Effect of Helicobacter Pylori on the Availability of Vitamin E and C
This trial is active, not recruiting.
|Condition||heliobacter pylori infection|
|Treatment||vitamin c & e supplements|
|Sponsor||University of Toronto|
|Collaborator||CCERN: canadian cancer etiology research network|
|Start date||March 2006|
|End date||September 2007|
|Trial size||72 participants|
|Trial identifier||NCT00303160, 15344|
This study argues that H.pylori infection, by increasing the production of reactive oxygen species, increases the utilization of dietary antioxidants(Vit E and Vit C) that serve in quenching the free radicals, thus decreasing their serum levels and confounding their protective effect against gastric cancer.
|Endpoint classification||pharmacokinetics/dynamics study|
|Intervention model||parallel assignment|
plasma vitamin C levels
plasma vitamin E levels
Male or female participants from 18 years up to 45 years old.
Inclusion Criteria: - Adult , age 18-45 Exclusion Criteria: 1. Smoking 2. Body mass index below 18 or above 25. 3. Previous treatment for H.pylori infection 4. Partial or total gastrectomy 5. History of gastritis 6. Currently taking antioxidants supplementation 7. Training in an athletic team. 8. Drinking more than 3 servings of alcohol/day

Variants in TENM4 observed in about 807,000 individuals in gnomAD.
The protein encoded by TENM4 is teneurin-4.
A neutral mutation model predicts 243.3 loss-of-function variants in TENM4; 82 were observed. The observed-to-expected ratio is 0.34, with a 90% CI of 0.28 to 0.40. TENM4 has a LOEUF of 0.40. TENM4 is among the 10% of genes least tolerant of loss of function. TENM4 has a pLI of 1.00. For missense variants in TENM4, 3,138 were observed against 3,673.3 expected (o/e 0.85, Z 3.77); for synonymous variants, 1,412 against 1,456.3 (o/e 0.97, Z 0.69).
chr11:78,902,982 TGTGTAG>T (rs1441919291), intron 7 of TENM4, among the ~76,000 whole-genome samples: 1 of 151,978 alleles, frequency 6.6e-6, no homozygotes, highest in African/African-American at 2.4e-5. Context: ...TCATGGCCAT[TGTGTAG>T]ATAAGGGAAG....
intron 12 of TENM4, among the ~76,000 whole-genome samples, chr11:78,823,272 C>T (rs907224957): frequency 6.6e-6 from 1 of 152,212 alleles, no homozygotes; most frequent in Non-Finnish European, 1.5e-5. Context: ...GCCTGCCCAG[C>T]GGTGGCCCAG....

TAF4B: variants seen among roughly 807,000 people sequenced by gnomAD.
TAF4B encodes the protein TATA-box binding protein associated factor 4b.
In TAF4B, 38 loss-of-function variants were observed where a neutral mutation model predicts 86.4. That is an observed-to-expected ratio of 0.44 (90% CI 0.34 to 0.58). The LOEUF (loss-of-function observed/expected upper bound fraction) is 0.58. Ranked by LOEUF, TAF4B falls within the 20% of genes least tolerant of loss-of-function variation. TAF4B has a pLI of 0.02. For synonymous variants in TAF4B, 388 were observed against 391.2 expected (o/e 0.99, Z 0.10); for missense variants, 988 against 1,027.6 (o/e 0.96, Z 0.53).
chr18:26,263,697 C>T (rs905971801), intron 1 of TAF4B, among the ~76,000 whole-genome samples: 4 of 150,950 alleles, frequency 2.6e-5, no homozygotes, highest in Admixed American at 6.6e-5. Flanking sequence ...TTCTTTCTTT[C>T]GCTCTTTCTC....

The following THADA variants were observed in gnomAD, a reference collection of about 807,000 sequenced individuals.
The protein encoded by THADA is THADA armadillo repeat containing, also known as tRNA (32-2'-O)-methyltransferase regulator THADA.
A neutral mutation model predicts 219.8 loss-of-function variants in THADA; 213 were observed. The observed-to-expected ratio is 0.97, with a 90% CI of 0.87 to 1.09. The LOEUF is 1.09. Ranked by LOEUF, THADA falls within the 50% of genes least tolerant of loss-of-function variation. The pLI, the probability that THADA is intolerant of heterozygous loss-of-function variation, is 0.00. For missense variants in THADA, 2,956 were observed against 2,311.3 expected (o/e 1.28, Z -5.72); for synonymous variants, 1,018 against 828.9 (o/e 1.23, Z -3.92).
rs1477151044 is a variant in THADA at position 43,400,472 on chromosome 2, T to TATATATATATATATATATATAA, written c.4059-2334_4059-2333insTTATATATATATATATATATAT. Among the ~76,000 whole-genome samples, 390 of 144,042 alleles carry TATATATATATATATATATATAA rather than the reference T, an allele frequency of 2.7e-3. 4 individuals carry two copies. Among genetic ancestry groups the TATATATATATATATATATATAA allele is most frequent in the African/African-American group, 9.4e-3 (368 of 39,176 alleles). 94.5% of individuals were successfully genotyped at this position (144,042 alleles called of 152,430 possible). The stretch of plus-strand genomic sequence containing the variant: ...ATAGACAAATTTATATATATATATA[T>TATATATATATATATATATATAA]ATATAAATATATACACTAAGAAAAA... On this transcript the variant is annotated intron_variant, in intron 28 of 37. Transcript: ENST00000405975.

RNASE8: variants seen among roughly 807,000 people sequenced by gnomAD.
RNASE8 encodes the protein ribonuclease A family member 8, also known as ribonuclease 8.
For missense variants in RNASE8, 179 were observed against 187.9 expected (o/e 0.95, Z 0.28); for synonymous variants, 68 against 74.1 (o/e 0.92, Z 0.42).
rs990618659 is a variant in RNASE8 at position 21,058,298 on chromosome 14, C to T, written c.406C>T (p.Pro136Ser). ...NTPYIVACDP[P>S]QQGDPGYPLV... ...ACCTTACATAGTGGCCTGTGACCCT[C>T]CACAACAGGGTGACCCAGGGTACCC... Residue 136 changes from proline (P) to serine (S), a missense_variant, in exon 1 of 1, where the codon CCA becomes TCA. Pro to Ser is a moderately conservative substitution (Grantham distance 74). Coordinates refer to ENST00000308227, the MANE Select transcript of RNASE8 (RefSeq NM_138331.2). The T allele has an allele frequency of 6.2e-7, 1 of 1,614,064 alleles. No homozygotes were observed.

|Official title||Effect of Helicobacter Pylori on the Availability of Vitamin E and C|
|Principal investigator||Farah Naja, MSc.|
|Description||It has been postulated that dietary antioxidants may reduce cancer risk by modulating red-ox status, by preventing biological oxidation, and by inhibiting the formation of carcinogen. However, supplementation studies and prospective studies have yielded contradictory results. In the case of gastric cancer, H.pylori infection, which is known to be associated with a higher risk of the disease, results in an increased production of ROS & RNS. As a result serum levels of these free radicals increase, exerting a higher demand for dietary antioxidants to neutralize them. The fact that the relation between serum levels of antioxidants and gastric cancer is more consistent than that of dietary intake levels and the disease suggests the possibility of the presence of an intrinsic factor that is altering the true relation between dietary antioxidants and the cancer. This intrinsic factor, this study argues, is the infection with H.pylori. H.pylori infection, by increasing the production of reactive oxygen species, increases the utilization of dietary antioxidants that serve in quenching the free radicals, thus decreasing their serum levels and confounding their protective effect against gastric cancer. The purpose of this pilot study is to investigate the possibility that H.pylori infection alters the bioavailability of the dietary antioxidants: vitamin C, and vitamin E. This project will be done in preparation for an etiologic study of dietary antioxidants and gastric cancer.|
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